‘Theater Comes Back’ Despite ‘Plague’

Curtain+call+for+%22The+Drowsy+Chaperone%22+performed+on+Nov+21-24%2C+2019+

Dominic Augustine

Curtain call for “The Drowsy Chaperone” performed on Nov 21-24, 2019

Adam Myers, Web Editor

The theater staff and MU Players are continuing performances of all kinds inside and outside of the Lemmond Theater during the COVID-19 pandemic. 

We will work with whatever we have to do to make things happen. That is the thing, we can’t just say that this can’t happen,” said Dr. Rebecca Steinberger, the new program and academic director for the theatre.
The Lemmond Theater is imposing guidelines mandated by the CDC with every event. Only 25 people are permitted in the theater at one time, including actors and technical assistants.

“The general morale has been kind of crazy,” said Alec Aversa, senior mathematics and information technology major and theater assistant. “All of us at the theater have crazy ambitions and we are all trying to do something extravagant, something really awesome that we can do and put on for the community.”

Performances and events will be live-streamed from the official Lemmond Theater YouTube page to enable other viewers to see the performances virtually once maximum capacity has been reached inside the theater.

Kayli Boyes (left) and Analiese (right) perform on stage during the one act plays. (Kailene Nye)

“We did have to reach out to outside resources for live streaming, but we plan to upgrade our equipment so that we can live stream and be more prepared for events in the future,” said Aversa.

Some events have already been hosted in the theatre, including the nurse and white coat ceremony and two student one-act shows, which were originally planned to be showcased last semester.

“There was a class last semester, ‘Intro to Directing,’ where all the students directed their plays but had to cancel the shows because we went into quarantine. When we came back, there were still a couple of students that wanted to do there show socially distanced, so we were able to do that,” said Aversa.  

Steinberger assures the community that the recent restrictions allow the theater staff to put on performances they have never done before, such as a new Fall Foliage Sundays event.

“The theater is interacting with the arts council. Students will read poetry and reenact scenes from plays in the Shakespeare garden and the Art Gallery,” she said.

Steinberger also hopes to bring back the  Theater on the Green, a popular past performance series that stopped in 2004.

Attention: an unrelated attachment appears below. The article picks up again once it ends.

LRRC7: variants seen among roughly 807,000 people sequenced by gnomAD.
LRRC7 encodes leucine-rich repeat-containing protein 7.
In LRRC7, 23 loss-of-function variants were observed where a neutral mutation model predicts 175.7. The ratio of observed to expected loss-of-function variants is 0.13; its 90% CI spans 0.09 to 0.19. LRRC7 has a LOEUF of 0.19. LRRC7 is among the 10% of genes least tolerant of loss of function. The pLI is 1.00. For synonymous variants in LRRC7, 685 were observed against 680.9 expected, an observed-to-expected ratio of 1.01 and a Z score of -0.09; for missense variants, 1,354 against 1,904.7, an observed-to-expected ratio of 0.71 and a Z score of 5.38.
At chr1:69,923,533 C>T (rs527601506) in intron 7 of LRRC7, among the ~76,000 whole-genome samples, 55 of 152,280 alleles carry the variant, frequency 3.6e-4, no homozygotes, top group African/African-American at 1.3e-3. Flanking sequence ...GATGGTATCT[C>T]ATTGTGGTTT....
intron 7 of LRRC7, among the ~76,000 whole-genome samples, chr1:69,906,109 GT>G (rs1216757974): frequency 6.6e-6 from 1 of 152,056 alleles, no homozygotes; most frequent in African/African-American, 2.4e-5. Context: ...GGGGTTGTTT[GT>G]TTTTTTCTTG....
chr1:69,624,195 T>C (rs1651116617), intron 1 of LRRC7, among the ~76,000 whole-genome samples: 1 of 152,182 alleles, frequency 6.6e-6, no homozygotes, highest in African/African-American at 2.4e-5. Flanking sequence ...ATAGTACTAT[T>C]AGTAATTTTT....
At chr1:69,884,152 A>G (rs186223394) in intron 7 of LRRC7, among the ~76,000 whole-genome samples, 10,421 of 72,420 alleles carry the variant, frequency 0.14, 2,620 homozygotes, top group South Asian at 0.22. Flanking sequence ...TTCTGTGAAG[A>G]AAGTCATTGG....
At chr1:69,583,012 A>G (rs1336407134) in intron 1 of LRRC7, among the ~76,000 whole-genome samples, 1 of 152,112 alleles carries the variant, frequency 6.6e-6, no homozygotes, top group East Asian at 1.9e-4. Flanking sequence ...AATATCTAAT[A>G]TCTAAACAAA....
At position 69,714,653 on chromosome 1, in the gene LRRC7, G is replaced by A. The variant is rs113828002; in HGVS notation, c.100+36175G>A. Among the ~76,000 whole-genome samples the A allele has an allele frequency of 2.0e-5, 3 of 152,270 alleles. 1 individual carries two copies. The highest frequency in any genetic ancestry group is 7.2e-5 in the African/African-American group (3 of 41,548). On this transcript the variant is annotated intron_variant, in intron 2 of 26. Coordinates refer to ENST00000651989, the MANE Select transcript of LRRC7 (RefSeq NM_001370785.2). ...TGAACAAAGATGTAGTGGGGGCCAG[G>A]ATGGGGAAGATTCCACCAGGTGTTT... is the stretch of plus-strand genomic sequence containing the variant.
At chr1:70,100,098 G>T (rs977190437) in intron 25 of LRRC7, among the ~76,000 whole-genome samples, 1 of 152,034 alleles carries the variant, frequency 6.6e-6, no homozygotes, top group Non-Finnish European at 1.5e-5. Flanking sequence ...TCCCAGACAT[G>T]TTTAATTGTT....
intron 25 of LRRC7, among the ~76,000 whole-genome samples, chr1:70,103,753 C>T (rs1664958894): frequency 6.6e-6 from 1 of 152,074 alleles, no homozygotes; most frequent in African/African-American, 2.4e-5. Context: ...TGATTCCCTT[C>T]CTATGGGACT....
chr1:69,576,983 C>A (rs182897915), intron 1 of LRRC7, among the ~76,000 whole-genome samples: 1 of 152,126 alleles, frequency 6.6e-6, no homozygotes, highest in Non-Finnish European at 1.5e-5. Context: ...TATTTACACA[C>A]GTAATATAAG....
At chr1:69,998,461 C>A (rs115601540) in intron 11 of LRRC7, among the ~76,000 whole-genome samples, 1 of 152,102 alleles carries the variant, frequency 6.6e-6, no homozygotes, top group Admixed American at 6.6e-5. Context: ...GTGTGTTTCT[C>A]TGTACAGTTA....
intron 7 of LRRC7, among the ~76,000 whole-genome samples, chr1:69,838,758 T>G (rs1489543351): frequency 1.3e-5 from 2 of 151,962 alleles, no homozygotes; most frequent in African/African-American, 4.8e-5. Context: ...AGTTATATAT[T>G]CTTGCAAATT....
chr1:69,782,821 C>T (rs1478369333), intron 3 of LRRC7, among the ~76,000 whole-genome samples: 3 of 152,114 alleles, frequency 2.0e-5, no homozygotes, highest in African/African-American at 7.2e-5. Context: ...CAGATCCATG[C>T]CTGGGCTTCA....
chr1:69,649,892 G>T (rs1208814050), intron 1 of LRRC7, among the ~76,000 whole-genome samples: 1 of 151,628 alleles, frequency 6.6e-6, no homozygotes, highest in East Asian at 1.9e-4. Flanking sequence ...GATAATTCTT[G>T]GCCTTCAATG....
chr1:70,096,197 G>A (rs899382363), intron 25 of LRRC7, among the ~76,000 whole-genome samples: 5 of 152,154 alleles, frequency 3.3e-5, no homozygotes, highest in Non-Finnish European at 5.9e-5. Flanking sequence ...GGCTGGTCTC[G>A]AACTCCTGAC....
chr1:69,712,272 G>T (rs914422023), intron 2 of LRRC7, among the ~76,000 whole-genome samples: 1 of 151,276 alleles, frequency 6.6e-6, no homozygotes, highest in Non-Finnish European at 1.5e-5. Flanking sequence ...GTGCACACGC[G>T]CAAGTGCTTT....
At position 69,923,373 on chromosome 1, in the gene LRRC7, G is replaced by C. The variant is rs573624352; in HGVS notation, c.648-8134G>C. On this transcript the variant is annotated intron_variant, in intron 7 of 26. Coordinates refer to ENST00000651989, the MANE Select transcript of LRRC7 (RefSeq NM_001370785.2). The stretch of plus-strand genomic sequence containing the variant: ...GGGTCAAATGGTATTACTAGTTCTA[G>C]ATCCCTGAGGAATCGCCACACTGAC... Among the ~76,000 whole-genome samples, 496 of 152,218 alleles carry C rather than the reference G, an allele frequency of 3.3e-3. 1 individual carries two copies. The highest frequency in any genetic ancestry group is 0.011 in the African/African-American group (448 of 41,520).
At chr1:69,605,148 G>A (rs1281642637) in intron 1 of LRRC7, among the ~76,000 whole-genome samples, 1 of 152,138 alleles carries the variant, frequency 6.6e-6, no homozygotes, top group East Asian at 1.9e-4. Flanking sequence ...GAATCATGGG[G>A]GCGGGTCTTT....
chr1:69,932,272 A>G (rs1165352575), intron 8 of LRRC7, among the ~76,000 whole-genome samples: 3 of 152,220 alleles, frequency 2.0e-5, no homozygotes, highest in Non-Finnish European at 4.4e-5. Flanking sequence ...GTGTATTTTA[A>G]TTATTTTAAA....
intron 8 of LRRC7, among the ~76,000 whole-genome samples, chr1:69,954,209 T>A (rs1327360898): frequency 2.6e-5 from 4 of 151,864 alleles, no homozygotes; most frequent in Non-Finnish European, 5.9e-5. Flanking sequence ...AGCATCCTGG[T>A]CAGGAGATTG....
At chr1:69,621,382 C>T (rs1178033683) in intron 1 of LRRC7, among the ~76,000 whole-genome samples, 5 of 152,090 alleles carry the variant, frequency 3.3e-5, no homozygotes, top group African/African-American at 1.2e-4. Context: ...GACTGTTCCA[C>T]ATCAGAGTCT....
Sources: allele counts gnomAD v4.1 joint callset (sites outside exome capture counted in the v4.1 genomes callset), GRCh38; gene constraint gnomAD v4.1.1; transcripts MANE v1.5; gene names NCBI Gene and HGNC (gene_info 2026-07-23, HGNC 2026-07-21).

“We would have theater companies from D.C. and Virginia, big Shakespeare companies and come here and offer these plays. Members of the community would come and have fun outside. The amphitheater wasn’t even here when it first started,” said Steinberger.

Steinberger also plans to change the academic theater program as a whole, with a possibility of the addition of a new theater major.

“I’m all about the study,” she said. “I can provide the classes, instruction, and opportunities.” 

Steinberger plans to connect with theaters in New York, Philadelphia, and the Washington D.C. area.  

“I am a member of the Shakespeare Globe theater and they like to outreach. Maybe, just maybe we can get students in there to have that experience with a big theater. If they want to pursue a career in theater, post-COVID-19, they may have that opportunity,” she said.

With the fear of COVID-19 and its effect on college-campuses, the theater staff still wants students to join the program if they are interested.

“In Shakespeare’s time, theaters would often close quite often for plague, for other reasons, too,” Steinberger said. “But the theaters then re-opened. Theater comes back, and there is always a place for theater, as well as all the arts. We have to keep the optimism.” 

Aversa, who is an active member of the MU Players, said the theater program provides a unique community for students during a pandemic.

“Theater people are quirky, but they are also very genuine and they are the type of community that if they are the people that you are here with, that it doesn’t matter what you are doing. As long as you are with them and you are integrated into this community, then I think that is all the more reason to join something like this,” he said.

A group of students rehearse for their one act play performance (Kailene Nye)